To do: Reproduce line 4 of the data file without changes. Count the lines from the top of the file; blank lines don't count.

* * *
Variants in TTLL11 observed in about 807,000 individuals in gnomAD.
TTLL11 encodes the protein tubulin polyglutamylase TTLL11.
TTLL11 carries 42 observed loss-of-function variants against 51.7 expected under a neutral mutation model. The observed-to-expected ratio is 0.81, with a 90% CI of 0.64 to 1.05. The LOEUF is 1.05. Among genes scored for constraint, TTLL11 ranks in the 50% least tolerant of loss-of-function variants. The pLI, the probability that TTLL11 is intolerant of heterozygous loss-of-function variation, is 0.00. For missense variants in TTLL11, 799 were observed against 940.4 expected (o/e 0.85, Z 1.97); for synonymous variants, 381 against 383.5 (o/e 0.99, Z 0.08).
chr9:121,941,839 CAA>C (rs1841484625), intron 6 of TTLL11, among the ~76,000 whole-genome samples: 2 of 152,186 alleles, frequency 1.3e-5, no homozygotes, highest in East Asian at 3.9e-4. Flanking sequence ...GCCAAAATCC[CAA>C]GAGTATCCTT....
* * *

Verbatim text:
chr9:121,941,839 CAA>C (rs1841484625), intron 6 of TTLL11, among the ~76,000 whole-genome samples: 2 of 152,186 alleles, frequency 1.3e-5, no homozygotes, highest in East Asian at 3.9e-4. Flanking sequence ...GCCAAAATCC[CAA>C]GAGTATCCTT....